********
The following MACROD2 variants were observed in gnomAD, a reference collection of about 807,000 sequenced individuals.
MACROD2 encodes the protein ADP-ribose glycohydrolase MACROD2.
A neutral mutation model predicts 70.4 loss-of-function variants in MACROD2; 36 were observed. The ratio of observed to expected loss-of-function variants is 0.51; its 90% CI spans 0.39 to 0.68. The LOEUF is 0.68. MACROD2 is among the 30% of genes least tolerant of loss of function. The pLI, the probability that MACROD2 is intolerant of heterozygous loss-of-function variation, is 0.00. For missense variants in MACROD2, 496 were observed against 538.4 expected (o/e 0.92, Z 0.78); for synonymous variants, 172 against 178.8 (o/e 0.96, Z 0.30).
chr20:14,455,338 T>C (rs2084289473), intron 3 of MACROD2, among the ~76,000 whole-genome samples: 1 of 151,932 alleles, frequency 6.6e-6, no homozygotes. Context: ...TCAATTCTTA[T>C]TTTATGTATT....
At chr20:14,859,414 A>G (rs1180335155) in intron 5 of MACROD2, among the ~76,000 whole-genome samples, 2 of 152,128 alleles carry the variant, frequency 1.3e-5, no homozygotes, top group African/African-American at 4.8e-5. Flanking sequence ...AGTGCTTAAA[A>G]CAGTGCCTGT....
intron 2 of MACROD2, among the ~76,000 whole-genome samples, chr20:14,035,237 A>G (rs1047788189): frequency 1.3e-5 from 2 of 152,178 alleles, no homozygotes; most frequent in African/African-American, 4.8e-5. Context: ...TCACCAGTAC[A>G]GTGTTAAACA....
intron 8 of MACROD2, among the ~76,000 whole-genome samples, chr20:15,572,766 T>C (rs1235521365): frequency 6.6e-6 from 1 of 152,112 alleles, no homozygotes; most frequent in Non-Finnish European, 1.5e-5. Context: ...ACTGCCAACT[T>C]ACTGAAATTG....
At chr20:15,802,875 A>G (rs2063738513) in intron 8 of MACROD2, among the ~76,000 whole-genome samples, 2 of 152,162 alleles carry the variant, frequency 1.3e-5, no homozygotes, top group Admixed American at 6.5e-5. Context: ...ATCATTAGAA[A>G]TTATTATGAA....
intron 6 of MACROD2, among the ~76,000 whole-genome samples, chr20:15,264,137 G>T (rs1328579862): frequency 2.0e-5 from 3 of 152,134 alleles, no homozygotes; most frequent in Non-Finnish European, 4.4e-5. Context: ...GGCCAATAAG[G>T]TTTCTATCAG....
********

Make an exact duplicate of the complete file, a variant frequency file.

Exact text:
The following MACROD2 variants were observed in gnomAD, a reference collection of about 807,000 sequenced individuals.
MACROD2 encodes the protein ADP-ribose glycohydrolase MACROD2.
A neutral mutation model predicts 70.4 loss-of-function variants in MACROD2; 36 were observed. The ratio of observed to expected loss-of-function variants is 0.51; its 90% CI spans 0.39 to 0.68. The LOEUF is 0.68. MACROD2 is among the 30% of genes least tolerant of loss of function. The pLI, the probability that MACROD2 is intolerant of heterozygous loss-of-function variation, is 0.00. For missense variants in MACROD2, 496 were observed against 538.4 expected (o/e 0.92, Z 0.78); for synonymous variants, 172 against 178.8 (o/e 0.96, Z 0.30).
chr20:14,455,338 T>C (rs2084289473), intron 3 of MACROD2, among the ~76,000 whole-genome samples: 1 of 151,932 alleles, frequency 6.6e-6, no homozygotes. Context: ...TCAATTCTTA[T>C]TTTATGTATT....
At chr20:14,859,414 A>G (rs1180335155) in intron 5 of MACROD2, among the ~76,000 whole-genome samples, 2 of 152,128 alleles carry the variant, frequency 1.3e-5, no homozygotes, top group African/African-American at 4.8e-5. Flanking sequence ...AGTGCTTAAA[A>G]CAGTGCCTGT....
intron 2 of MACROD2, among the ~76,000 whole-genome samples, chr20:14,035,237 A>G (rs1047788189): frequency 1.3e-5 from 2 of 152,178 alleles, no homozygotes; most frequent in African/African-American, 4.8e-5. Context: ...TCACCAGTAC[A>G]GTGTTAAACA....
intron 8 of MACROD2, among the ~76,000 whole-genome samples, chr20:15,572,766 T>C (rs1235521365): frequency 6.6e-6 from 1 of 152,112 alleles, no homozygotes; most frequent in Non-Finnish European, 1.5e-5. Context: ...ACTGCCAACT[T>C]ACTGAAATTG....
At chr20:15,802,875 A>G (rs2063738513) in intron 8 of MACROD2, among the ~76,000 whole-genome samples, 2 of 152,162 alleles carry the variant, frequency 1.3e-5, no homozygotes, top group Admixed American at 6.5e-5. Context: ...ATCATTAGAA[A>G]TTATTATGAA....
intron 6 of MACROD2, among the ~76,000 whole-genome samples, chr20:15,264,137 G>T (rs1328579862): frequency 2.0e-5 from 3 of 152,134 alleles, no homozygotes; most frequent in Non-Finnish European, 4.4e-5. Context: ...GGCCAATAAG[G>T]TTTCTATCAG....